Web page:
29. 29. Respiratory Pump Function• The ability of the pump to bring about normal gas exchange is dependent on the balance between the mechanical load placed on the pump and the intrinsic function of the respiratory muscles.• Respiratory muscle fatigue is a state that develops when respiratory muscles are unable to maintain the targeted force output on repeated contractions and is reversible with rest. 29 of 63
  30. 30. Optimum Medical Criteria for Home Management of ChronicRespiratory Failure in Infants with Bronchopulmonary Dysplasia • Clinical •Positive trend on growth curve (weight) •Stamina for periods of play •Extended period of stability • Physiologic •30% or less oxygen •pCO2 less than 50 torr •IMV of 30 or less •Stable airway, mature fistula 30 of 63
  31. 31. Goals of Home Mechanical Ventilation • Increase chest wall mobility and lung growth (wean steroids) • Prevention of respiratory failure (neuromuscular disorders) • Prevent atelectasis/prevent overinflation • Provide respiratory muscle rest • Minimize iatrogenic lung injury • Prevent respiratory muscle atrophy • Liberation from mechanical ventilation • Safe environment • Family bonding and nurturing • Promote normal growth and development • Reduce costs 31 of 63
  32. 32. Physiologic Changes Promoting Liberation from Mechanical Ventilation • Change in muscle fiber cell type composition of the diaphragm (type II cells to type I cells ) • Lung growth • Increased compliance • Decreased airway resistance • Increased alveoli—increased surface area for gas exchange; improve V/Q mismatch, decrease oxygen needs and decrease pCO2 32 of 63
  33. 33. Physiologic Changes Promoting Liberation from Mechanical Ventilation • Chest wall • Increase ossification—more rigid, less compliant, stabilize lung volumes • Dynamic FRC—changes to static FRC • Increased stability of small and large airways • Increase respiratory muscle pump function 33 of 63
  34. 34. Weaning• No single ventilator mode or strategy has been shown to be more effective than another in weaning children from mechanical ventilation.• The most common strategy used is called sprinting or diaphragm training. The diaphragm is the most important respiratory muscle.• Dependent on underlying diagnosis.• Complicating factors may stall weaning. 34 of 63
  35. 35. Weaning• SIMV and pressure support •Wean down pressure support first 15-10-8• SIMV •Wean rate to background (20) then CPAP trials during the day or periods of decreased IMV, allow muscles to rest at night• Nocturnal ventilation •Increase nose filter trials or trach collar time during the day with gradual reduction in nocturnal IMV to CPAP• Trach collar and nose filter combination 24 hrs/day for 3 months, then airway evaluation by ENT for decannulation• Oxygen requirement is not a limiting factor 35 of 63
  36. 36. Monitoring During the Weaning Process • Weight gain and feeding habits • Stamina for play time • Oxygen needs • End-tidal CO2 • Developmental progress • Work of breathing • Pulmonary hypertension 36 of 63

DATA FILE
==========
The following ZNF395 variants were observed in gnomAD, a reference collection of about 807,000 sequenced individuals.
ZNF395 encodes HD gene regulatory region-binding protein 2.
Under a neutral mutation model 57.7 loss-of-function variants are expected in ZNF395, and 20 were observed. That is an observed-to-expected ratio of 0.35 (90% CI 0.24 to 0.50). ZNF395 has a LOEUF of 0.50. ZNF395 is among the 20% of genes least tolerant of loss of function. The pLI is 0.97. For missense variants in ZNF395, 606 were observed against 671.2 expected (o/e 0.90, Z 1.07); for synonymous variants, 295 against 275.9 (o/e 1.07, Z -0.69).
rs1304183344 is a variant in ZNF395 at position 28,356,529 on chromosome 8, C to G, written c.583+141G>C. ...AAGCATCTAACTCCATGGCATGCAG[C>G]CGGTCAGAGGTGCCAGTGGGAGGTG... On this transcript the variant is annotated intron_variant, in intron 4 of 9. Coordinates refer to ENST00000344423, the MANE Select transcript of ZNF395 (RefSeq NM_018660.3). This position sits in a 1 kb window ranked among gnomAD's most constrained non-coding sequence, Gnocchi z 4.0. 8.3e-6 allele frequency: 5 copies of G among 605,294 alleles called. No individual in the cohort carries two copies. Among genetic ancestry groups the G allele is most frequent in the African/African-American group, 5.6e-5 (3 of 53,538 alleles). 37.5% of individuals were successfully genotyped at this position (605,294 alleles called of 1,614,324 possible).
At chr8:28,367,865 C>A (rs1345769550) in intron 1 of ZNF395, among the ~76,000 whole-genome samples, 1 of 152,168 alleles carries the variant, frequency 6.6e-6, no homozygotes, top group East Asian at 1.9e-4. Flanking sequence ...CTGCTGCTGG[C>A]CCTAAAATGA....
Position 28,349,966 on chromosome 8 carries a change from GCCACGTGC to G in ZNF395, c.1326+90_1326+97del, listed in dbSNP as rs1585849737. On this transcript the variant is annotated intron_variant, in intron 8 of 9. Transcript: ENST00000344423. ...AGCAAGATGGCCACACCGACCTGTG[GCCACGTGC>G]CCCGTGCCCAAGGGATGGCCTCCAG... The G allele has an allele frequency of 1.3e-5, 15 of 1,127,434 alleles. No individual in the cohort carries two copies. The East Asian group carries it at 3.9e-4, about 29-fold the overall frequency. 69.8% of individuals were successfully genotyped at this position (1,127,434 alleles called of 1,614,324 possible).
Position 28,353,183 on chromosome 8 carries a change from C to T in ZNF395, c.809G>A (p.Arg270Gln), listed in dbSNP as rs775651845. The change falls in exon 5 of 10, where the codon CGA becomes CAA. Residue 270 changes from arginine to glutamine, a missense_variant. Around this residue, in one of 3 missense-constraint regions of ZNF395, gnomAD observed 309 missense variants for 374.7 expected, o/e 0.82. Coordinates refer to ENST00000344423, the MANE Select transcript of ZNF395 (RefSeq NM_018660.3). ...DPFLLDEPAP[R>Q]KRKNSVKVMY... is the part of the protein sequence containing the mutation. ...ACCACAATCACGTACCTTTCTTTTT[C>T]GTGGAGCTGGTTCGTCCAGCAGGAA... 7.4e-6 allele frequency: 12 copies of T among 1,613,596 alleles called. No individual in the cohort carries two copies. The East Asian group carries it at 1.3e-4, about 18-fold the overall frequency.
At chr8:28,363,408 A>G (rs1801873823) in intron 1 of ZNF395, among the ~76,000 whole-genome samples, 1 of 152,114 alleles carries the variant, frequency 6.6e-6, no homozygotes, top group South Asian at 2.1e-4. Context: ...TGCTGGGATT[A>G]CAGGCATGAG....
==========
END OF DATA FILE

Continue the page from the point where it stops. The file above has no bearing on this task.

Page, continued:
37. 37. Positive Outcome for BPD with Respiratory Failure Trach HomeIncreasing Acuity • • Off vent • • 4 8 12 16 20 24 Time (months) Decannulation 37 of 63
  38. 38. BPDThe Good 38 of 63
  39. 39. Jackson- Day 1 39 of 63
  40. 40. Progression of BPD- Patient 1115 40 of 63
  41. 41. Progression of BPD- Patient 1115 41 of 63
  42. 42. Jackson- 4 months 42 of 63
  43. 43. Progression of BPD- Patient 1115 43 of 63
  44. 44. Jackson- 4 months 44 of 63
  45. 45. Jackson- 18 months 45 of 63
  46. 46. Progression of BPD- Patient 1115 46 of 63
  47. 47. Progression of BPD The Bad 47 of 63
  48. 48. Cystic Bronchopulmonary Dysplasia 48 of 63
  49. 49. Cystic Bronchopulmonary Dysplasia 49 of 63
  50. 50. Cystic Bronchopulmonary Dysplasia 50 of 63
  51. 51. Cystic Bronchopulmonary Dysplasia 51 of 63
  52. 52. Causes of Death• Progression of disease• Unexplained arrest• Disconnection• Hemorrhage• Inappropriate weaning• Unrelated illness• Abdominal catastrophe/sepsis• Sudden airway compromise 52 of 63
  53. 53. Negative Outcome for BPD with Respiratory Failure • DeathIncreasing Acuity Trach • Lung Transplant • 4 8 12 16 20 24 Time (months) 53 of 63
  54. 54. Severe BPDThe Ugly 54 of 63
  55. 55. Severe BPD Pre-Lung Transplant 55 of 63
  56. 56. Chest X-Ray Post-Lung Transplant 56 of 63
  57. 57. Chest X-Ray Post-Lung Transplant 57 of 63
  58. 58. Long-Term Outcome• Severe BPD associated with poorer neurodevelopmental outcome--males worse than females• Increased risk for abnormal PFT but many not symptomatic (obstructive lung disease)• Increased risk for asthma• Increased incidence of abnormal chest CT abnormalities• Increased risk for COPD as adults? 58 of 63
  59. 59. 24-Week Female -BPD/Clinical Asthma- Age 8 59 of 63
  60. 60. 27-Week Male Twin- S/P Trach, Vent- Age 9 60 of 63
  61. 61. 22 ½ Week Female- S/P Trach, Vent- Age 7 61 of 63
  62. 62. Conclusions• The “new” BPD represents an arrest in lung development.• Long-term pulmonary function is generally low-normal or mildly abnormal for majority of the “new BPD.”• Post chronic respiratory failure patients are more likely to have obstructive pulmonary disease.• At risk for long-term respiratory morbidity, hospitalization, asthma and COPD; recent study suggests 2.4-fold increase risk for asthma.• Neurodevelopmental outcome correlates with severity of lung disease, clearly an increase in ADHD (increase 60%) and autism.• Uncommon disease among infants with birth weights >1500 grams. 62 of 63
  63. 63. Q&AThank you for attending! 63 of 63